Acute HF patients with diabetes derive less frailty benefit from physical rehab
Older diabetic patients with acute heart failure who undergo physical rehabilitation have worse baseline physical function but demonstrate similar clinically meaningful improvements from the intervention, results of the Rehabilitation Therapy in Older Acute Heart Failure Patients (REHAB-HF) trial have shown. However, the benefit derived for frailty is lesser among those with diabetes.
The researchers compared the effect of the intervention on 3-month Short Physical Performance Battery (SPPB; primary endpoint), 6-minute walk distance (6MWD), modified Fried frailty criteria, and quality-of-life scores (Kansas City Cardiomyopathy Questionnaire [KCCQ] and EuroQoL Visual Analogue Scale [VAS]) between patients with and without diabetes. They then assessed the differences in 6-month clinical outcomes.
More than half of the participants enrolled in REHAB-HF had diabetes (186 of 349; 53 percent); prevalence of this disease was higher in the intervention group (59 percent vs 48 percent). Those with diabetes had worse baseline physical function by the SPPB and 6MWD but similar frailty and quality-of-life scores.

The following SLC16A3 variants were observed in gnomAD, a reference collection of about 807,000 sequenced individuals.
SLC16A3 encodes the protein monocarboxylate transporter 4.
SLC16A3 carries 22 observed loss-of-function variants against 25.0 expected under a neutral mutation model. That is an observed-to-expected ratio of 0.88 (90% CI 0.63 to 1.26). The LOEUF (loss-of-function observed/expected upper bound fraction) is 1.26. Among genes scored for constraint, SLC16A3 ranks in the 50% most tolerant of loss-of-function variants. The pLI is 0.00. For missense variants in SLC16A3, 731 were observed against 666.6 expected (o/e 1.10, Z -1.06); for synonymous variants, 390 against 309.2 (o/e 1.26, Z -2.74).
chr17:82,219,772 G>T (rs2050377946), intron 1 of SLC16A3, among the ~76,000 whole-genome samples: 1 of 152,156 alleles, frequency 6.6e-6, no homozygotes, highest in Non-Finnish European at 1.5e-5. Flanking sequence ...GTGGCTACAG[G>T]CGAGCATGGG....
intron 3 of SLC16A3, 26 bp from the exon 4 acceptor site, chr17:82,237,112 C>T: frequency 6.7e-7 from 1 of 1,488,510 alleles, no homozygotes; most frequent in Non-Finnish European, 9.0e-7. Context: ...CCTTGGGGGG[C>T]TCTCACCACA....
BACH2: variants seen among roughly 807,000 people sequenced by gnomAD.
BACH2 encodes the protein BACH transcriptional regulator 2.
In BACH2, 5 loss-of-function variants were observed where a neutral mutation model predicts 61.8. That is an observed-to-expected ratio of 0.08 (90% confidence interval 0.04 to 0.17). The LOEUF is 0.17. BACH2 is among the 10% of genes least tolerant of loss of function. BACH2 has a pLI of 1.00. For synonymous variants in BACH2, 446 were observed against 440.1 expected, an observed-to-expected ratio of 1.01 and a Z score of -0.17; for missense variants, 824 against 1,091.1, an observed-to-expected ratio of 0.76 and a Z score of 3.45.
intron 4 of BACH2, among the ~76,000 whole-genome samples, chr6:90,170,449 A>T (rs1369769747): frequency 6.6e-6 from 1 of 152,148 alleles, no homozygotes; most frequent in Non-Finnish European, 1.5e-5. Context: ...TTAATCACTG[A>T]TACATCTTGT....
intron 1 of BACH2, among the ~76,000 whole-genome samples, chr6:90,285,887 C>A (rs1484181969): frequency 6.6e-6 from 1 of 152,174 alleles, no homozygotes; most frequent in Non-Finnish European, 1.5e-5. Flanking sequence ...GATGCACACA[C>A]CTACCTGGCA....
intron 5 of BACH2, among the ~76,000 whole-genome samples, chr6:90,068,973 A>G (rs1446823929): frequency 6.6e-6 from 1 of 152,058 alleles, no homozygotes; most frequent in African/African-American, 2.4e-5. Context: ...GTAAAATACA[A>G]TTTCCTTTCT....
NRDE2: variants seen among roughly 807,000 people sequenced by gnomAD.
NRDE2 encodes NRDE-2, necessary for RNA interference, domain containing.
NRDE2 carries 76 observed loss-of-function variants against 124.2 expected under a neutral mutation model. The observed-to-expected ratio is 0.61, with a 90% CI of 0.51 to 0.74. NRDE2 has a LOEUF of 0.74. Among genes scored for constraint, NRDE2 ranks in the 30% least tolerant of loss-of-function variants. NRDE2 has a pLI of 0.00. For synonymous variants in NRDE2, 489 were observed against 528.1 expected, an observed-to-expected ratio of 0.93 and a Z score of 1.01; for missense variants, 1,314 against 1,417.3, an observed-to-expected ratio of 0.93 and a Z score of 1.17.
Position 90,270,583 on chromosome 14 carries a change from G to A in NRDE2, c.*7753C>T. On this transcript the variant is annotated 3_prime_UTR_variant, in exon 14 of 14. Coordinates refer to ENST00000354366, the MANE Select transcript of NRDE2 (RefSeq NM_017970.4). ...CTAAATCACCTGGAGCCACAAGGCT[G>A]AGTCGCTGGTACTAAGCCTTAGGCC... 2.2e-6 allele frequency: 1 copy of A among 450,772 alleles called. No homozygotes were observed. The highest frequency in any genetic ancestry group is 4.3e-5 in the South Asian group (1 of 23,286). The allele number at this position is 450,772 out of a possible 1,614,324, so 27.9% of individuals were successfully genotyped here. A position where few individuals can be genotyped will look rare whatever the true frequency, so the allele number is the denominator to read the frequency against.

The intervention resulted in consistent improvement for 3-month SPPB, 6MWD, and VAS regardless of diabetes status (pinteraction>0.6 for all), but diabetic participants showed a significantly less improvement for frailty (p=0.021) and a trend toward lower improvement in KCCQ (p=0.11).
Of note, no significant interaction by diabetes status was noted for 6-month clinical event outcomes (pinteraction>0.3 for all).
“Prior studies showed an attenuated response to exercise training among patients with heart failure and type 2 diabetes mellitus,” the researchers said.